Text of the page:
Compact FGH Notation

The Fast-growing hierarchy (FGH) function is very useful to understand and compare fast growing functions in general. The visual notation however can become difficult to read and compare once the ordinals become nested in complex permutations. This makes it difficult to evaluate and investigate the patterns and properties of individual FGH functions.

Proposed Notation

This blog introduces a proposed notation to simply the presentation of complex FGH functions. This Compact FGH Notation is then used in my other blogs on a fast growing J Function that I am designing.

The notation is meant to be easy to read, but also, easy to translate back into LaTeX math notation so that the relevant FGH function can be presented visually in its usual form.

Notation Example

Here is the first example, which shows the key notational change. The use of [ square ] brackets implicitly notates the \(\omega\) ordinal and makes it possible to compactly notate various powers of \(\omega\).

f[3.1]^2(4) \(= f_{\omega^{3}}^2(4)\)

In this example we have many more complex powers of omega:

f[6.2+3.1]^2(7) \(= f_{\omega^{6}.2+\omega^{3}}^2(7)\)

The advantage of this notation is that it uses less characters overall, in particular the removal of all instances of \omega which normally would appear many times.

Another advantage is the ability to do side by side comparisons of two functions and identify the differences faster, as in this pair of examples:

f[6.1+1.2+0.4].6+[6.1+1.2+0.3].5+[6.1+1.2+0.3].6+3.4+0.1^7(7) \(= f_{\omega^{\omega^{6}+\omega.2+4}.6+\omega^{\omega^{6}+\omega.2+3}.5+\omega^{\omega^{6}+\omega.2+3}.6+\omega^{3}.4+1}^7(7)\)

f[6.4+2.4+0.5].6+[6.1+0.5].1+[6.1+0.2].3+[3.2+1.2+0.3].4+0.2^2(7) \(= f_{\omega^{\omega^{6}.4+\omega^{2}.4+5}.6+\omega^{\omega^{6}+5}+\omega^{\omega^{6}+2}.3+\omega^{\omega^{3}.2+\omega.2+3}.4+2}^2(7)\)

f[[6.1+1.2+0.4].6].4+[6.1+1.2+0.3].5+0.1^7(7) \(= f_{\omega^{\omega^{\omega^{6}+\omega.2+4}.6}.4+\omega^{\omega^{6}+\omega.2+3}.5+1}^7(7)\)

f[[[6.4]+2.4+0.5].6].4+[6.1+0.5].1+6.1+0.2^2(7) \(= f_{\omega^{\omega^{\omega^{\omega^{6}.4}+\omega^{2}.4+5}.6}.4+\omega^{\omega^{6}+5}+\omega^{6}+2}^2(7)\)

Notation Definition

The notation is not dissimilar to normal FGH notation. The use of "[" square "]" brackets implicitly notates the \(\omega\) ordinal. The start of the function "f" is a shortened version of "f_{\omega^{" and the end of the function is the usual nested powers of the FGH function and the usual single input parameter.

Note that any number in the form "p.m" equates to \(\omega^p.m\) such as in this example:

f0.2^2(4) \(= f_2^2(4)\)

and ordinal towers can be constructed using one or more sets of square brackets. In this example there are two ways to represent \(\omega\):

f[0.2]^2(4) = f1.2^2.4 \(= f_{\omega.2}^2(4)\)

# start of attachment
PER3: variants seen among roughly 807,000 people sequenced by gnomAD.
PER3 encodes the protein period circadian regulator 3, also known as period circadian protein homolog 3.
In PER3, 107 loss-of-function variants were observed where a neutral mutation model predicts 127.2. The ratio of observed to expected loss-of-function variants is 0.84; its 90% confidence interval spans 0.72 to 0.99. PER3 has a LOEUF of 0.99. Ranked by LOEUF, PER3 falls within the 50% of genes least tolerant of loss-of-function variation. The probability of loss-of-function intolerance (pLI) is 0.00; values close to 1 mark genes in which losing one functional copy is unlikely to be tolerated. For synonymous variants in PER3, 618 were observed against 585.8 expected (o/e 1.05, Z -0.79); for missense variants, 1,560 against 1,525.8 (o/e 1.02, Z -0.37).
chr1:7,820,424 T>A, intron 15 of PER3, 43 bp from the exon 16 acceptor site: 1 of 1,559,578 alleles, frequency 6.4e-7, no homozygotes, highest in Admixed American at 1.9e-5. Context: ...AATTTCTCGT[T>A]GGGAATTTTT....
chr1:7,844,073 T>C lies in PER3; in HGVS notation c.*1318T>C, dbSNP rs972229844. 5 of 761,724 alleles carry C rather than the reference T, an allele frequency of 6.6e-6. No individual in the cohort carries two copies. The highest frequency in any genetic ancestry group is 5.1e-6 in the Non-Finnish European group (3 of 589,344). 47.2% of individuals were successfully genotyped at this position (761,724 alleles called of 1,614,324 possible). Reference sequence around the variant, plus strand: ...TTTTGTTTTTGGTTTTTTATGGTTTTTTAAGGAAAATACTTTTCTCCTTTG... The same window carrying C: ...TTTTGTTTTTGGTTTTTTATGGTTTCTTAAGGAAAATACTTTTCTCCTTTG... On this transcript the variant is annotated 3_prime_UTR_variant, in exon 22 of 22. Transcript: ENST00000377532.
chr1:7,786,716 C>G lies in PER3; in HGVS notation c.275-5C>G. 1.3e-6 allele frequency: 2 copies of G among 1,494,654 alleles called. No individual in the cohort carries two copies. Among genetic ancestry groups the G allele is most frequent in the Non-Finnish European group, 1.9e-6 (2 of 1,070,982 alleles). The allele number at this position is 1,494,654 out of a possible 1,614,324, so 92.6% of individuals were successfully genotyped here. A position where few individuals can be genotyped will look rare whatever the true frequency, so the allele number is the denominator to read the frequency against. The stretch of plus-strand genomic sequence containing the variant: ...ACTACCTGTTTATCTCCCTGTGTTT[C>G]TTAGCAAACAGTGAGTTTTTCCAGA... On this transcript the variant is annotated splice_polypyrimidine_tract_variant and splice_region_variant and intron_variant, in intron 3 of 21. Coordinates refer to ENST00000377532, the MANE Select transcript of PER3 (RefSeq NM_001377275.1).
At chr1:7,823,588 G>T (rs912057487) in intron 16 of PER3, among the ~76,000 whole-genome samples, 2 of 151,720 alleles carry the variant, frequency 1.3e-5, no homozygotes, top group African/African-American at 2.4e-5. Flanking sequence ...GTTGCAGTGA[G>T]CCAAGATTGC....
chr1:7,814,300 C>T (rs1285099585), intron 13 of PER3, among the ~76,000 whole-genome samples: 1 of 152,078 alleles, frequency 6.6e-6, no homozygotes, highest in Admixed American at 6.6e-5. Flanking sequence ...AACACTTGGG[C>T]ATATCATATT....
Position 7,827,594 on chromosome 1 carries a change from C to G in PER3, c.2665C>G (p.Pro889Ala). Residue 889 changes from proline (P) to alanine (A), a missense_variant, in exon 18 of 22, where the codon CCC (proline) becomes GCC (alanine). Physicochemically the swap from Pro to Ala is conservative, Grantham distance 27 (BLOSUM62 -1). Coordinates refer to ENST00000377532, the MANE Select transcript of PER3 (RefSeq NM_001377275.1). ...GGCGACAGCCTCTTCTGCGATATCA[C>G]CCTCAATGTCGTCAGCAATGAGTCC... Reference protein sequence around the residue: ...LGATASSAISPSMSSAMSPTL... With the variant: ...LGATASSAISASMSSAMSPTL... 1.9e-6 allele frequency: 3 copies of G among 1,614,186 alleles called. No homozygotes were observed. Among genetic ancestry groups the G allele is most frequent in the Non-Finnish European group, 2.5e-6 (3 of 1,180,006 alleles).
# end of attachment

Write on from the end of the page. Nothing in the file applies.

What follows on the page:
Otherwise the notation uses unique sequences to reference various FGH functions.

A complex tower or ordinals is shown here:

f[[1.1].1].1^1(3) \(= f_{\omega^{\omega^{\omega^1.1}.1}.1}^1(3) = f_{\omega^{\omega^{\omega}}}(3) = f_{\epsilon_0}(3)\)

The following Compact FGH Notations are equivalent:

f[1.1].1^1(2) \(= f_{\omega^{\omega}}(2) = f_{\epsilon_0}(2)\)

f1.1+0.1^2(2) \(= f_{\omega+1}^2(2) = f_{\omega^{\omega}}(2) = f_{\epsilon_0}(2)\)

Some Observations Constructing FGH functions using this notation can be intuitive once you become comfortable with the definition of the "p.m" numbers and behavior of the square brackets. Here are some observations:

Any sequence of "p.m" numbers should be presented in monotonically decreasing order of "p". Duplicate instances of "p" are redundant because they can simply be combined and the "m" number adjusted accordingly. Therefore:

f0.1+2.1^2(5) this notation is incorrect

f2.1+0.1^2(5) this notation is the correct version of the above (and easier to read)

f2.2+2.1^2(5) this notation is redundant and should be simplified

f2.3^2(5) this notation simplifies the redundant previous example (and is easier to read)

Another observation is that all instances of square brackets can be repeated to create complex but still valid FGH functions. Any sequence of square brackets should be presented in monotonically decreasing order. The order is defined by the "p" numbers contained in the square brackets or by the associated "m" numbers if the "p" numbers are the same. Therefore:

f[2.2+1.2].1+2.1^3(4) is a valid FGH function and so are the following:






This is not a surprise. This is only the start of how complex FGH functions can become. Nested square brackets can be repeated in a similar way. The following is only a small example of the complexity of some FGH functions:

f[[3.2].1].2+[2.2+0.2].3+3.1^3(5) is the first example of FGH with nested square brackets. Here are more:




The general rule is that any instance of square brackets can be repeated to form another valid FGH function. This can occur within nested brackets or the repetition of the entire nested bracket, provided each instance is monotonically smaller than the last. For example:

f[2.3+0.5].2+[2.1+0.6].1+[1.1+0.5].2+1.1+0.6^1(7) \(= f_{\omega^{\omega^{2}.3+5}.2+\omega^{\omega^{2}+6}+\omega^{\omega+5}.2+\omega+6}(7)\)

Notation Translation

Compact FGH Notation can be translated back into LaTeX math notation using the following string replacements:

Replace "^" with "}^"

Replace "]." with "."

Replace "." with "}."

Replace "f" with "f_{\omega^{"

Replace "+" with "+\omega^{"

Replace "[" with "\omega^{"

Replace "]" with "}"

The following translations will remove redundant powers of zero and multiplication by 1:

Replace "\omega^{0}." with ""

Replace "^{1}" with ""

Replace ".1" with ""

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